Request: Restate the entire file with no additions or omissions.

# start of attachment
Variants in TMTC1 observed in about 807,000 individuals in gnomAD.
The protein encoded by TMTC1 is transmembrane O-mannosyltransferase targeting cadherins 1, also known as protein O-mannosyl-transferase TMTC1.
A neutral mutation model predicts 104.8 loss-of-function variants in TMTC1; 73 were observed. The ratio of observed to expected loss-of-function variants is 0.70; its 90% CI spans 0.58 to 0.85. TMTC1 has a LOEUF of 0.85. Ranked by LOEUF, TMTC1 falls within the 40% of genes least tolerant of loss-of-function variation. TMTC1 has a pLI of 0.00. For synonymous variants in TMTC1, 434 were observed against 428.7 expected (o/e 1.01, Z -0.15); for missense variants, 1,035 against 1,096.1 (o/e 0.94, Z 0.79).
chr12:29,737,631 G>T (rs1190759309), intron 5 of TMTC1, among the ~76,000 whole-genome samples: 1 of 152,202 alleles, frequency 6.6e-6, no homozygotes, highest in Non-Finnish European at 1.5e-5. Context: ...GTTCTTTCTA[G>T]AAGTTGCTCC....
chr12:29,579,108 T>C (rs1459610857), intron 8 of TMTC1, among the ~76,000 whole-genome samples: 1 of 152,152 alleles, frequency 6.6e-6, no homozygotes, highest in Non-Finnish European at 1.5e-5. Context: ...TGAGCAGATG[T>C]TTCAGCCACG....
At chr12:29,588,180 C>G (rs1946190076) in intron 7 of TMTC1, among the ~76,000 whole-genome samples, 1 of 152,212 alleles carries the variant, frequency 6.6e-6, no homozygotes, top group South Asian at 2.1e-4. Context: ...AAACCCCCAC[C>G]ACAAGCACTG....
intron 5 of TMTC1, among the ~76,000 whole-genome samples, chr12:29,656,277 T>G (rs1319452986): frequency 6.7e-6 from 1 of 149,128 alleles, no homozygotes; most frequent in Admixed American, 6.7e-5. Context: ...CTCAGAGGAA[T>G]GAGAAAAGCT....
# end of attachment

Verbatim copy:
Variants in TMTC1 observed in about 807,000 individuals in gnomAD.
The protein encoded by TMTC1 is transmembrane O-mannosyltransferase targeting cadherins 1, also known as protein O-mannosyl-transferase TMTC1.
A neutral mutation model predicts 104.8 loss-of-function variants in TMTC1; 73 were observed. The ratio of observed to expected loss-of-function variants is 0.70; its 90% CI spans 0.58 to 0.85. TMTC1 has a LOEUF of 0.85. Ranked by LOEUF, TMTC1 falls within the 40% of genes least tolerant of loss-of-function variation. TMTC1 has a pLI of 0.00. For synonymous variants in TMTC1, 434 were observed against 428.7 expected (o/e 1.01, Z -0.15); for missense variants, 1,035 against 1,096.1 (o/e 0.94, Z 0.79).
chr12:29,737,631 G>T (rs1190759309), intron 5 of TMTC1, among the ~76,000 whole-genome samples: 1 of 152,202 alleles, frequency 6.6e-6, no homozygotes, highest in Non-Finnish European at 1.5e-5. Context: ...GTTCTTTCTA[G>T]AAGTTGCTCC....
chr12:29,579,108 T>C (rs1459610857), intron 8 of TMTC1, among the ~76,000 whole-genome samples: 1 of 152,152 alleles, frequency 6.6e-6, no homozygotes, highest in Non-Finnish European at 1.5e-5. Context: ...TGAGCAGATG[T>C]TTCAGCCACG....
At chr12:29,588,180 C>G (rs1946190076) in intron 7 of TMTC1, among the ~76,000 whole-genome samples, 1 of 152,212 alleles carries the variant, frequency 6.6e-6, no homozygotes, top group South Asian at 2.1e-4. Context: ...AAACCCCCAC[C>G]ACAAGCACTG....
intron 5 of TMTC1, among the ~76,000 whole-genome samples, chr12:29,656,277 T>G (rs1319452986): frequency 6.7e-6 from 1 of 149,128 alleles, no homozygotes; most frequent in Admixed American, 6.7e-5. Context: ...CTCAGAGGAA[T>G]GAGAAAAGCT....